If you have any questions, please feel free to contact me.


Assistant Chief of Police

Riverside Police Department

4102 Orange Street, Riverside, CA. 92501

(951) 826-5522

I appreciate Vicino's candor in his response and it's always interesting talking with him and hearing his insights on different issues. He's responsive to questions and doesn't seem to back away from the more difficult ones with some caustic comment. I thought about what he wrote and having read his riding in his reports written while he worked at Pasadena Police Department, he does explain issues and points well. You can tell he's been a police chief in his past and feels comfortable in that position. What I did like was how he listened to input on his during the information gathering process from the Strategic Plan and if he made a gaffe that was pointed out (like forgetting to introduce the only female officer present who was instrumental in the strategic planning process and then calling only her by her first name and not her rank), he didn't do it twice. That's an important attribute to have that kind of flexibility in an administration that appears somewhat doggedly rigid at times. He's got some areas he needs to work at but he does work hard at his job. He's attracted interest from other departments to work in those places as well.

I'm still on the fence with the three newcomers as it's still early in their tenures (as at least the two subordinates are one-third through their three year contracts).

It was interesting being introduced to his administrative and communicative styles through those public forums.

But I did a lot of thinking about what he wrote and other things about history and its impact on the present on the future, both positive and negative. History that Vicino wasn't privy to during the past 10 years. I thought about softening what I had to say but I think Vicino can handle it.
Somewhat better than some other people. The department has grown and changed much in the past 10 years been through peaks and valleys, and that's what made last year for example, so frustrating and sad in ways is that not everyone was on board with the important mission of moving forward in a progressive direction. But is the leadership willing to go there including dealing with the any favoritism at the top? After all, Chief Sergio Diaz is rightly saying that he'll be upfront about what his rank and file officers do including the incident investigated involving the homeless in the river bottom last year. That openness helps the public know that the department takes alleged incidents like that seriously.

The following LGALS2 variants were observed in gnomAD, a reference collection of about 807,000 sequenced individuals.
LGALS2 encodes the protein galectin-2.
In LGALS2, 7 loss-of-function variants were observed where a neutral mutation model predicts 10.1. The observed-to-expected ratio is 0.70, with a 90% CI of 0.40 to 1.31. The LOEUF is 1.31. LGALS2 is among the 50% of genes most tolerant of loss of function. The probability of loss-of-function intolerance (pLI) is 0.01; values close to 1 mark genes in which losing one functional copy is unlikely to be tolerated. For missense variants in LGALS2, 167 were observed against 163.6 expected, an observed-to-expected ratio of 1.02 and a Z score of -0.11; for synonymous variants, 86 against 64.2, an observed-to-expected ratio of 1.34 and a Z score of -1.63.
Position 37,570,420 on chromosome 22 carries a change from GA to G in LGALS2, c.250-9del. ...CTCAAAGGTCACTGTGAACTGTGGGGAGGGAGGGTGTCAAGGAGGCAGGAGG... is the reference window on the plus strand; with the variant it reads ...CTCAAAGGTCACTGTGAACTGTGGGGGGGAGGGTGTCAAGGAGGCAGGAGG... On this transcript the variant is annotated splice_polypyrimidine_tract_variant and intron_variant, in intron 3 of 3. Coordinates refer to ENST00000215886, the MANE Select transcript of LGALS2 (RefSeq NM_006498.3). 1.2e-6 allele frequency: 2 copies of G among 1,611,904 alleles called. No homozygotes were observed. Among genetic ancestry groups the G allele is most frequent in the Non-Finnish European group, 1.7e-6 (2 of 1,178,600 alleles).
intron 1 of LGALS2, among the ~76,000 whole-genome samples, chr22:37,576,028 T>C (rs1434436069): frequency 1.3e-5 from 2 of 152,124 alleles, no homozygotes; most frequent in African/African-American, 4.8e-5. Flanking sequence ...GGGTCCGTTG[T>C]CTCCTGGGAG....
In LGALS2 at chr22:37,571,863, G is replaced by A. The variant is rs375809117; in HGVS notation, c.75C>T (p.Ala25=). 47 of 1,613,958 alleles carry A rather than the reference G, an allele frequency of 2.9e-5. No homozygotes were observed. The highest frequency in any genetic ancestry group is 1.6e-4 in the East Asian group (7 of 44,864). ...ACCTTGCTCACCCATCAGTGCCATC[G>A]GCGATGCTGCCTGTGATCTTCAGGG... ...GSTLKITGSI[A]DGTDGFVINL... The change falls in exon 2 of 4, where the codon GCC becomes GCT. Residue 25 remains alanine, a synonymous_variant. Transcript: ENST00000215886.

But what about the alleged assault case involving the lieutenants or the alleged attempts of one of the captains to get his son an officer preferential treatment after his public intoxication and disturbance incident? These weren't done on duty but that doesn't mean that they shouldn't be investigated.

When it comes to allowing off-duty assaults and fights between officers like what happened to the lieutenants and how it's treated as an "off-duty" matter and thus not worthy of investigation. Perhaps that's something that a former and lowly patrol officer Miguel Rivera would like to comment on if given the chance.

Who's Rivera? He got involved in an off-duty fight in a bar and he got terminated from the police department in January of last year. No one said, "private matter", no one said, "I didn't hear that" when it came to dealing with him did they? Part of the termination of Rivera was allegedly related to his denial of the fight but even if he admitted it, he still likely faced discipline and at the very least had been investigated by Internal Affairs. Were those actions appropriate, yes given that the department's own CUBO policy states that an investigation is to be conducted on those types of offduty incidents. Another former patrol officer was terminated for a domestic disturbance offduty in another city a few years before that, after an lengthy investigation. These investigations should be done and the department has policy stating but then again what about domestic disturbances at higher ranks?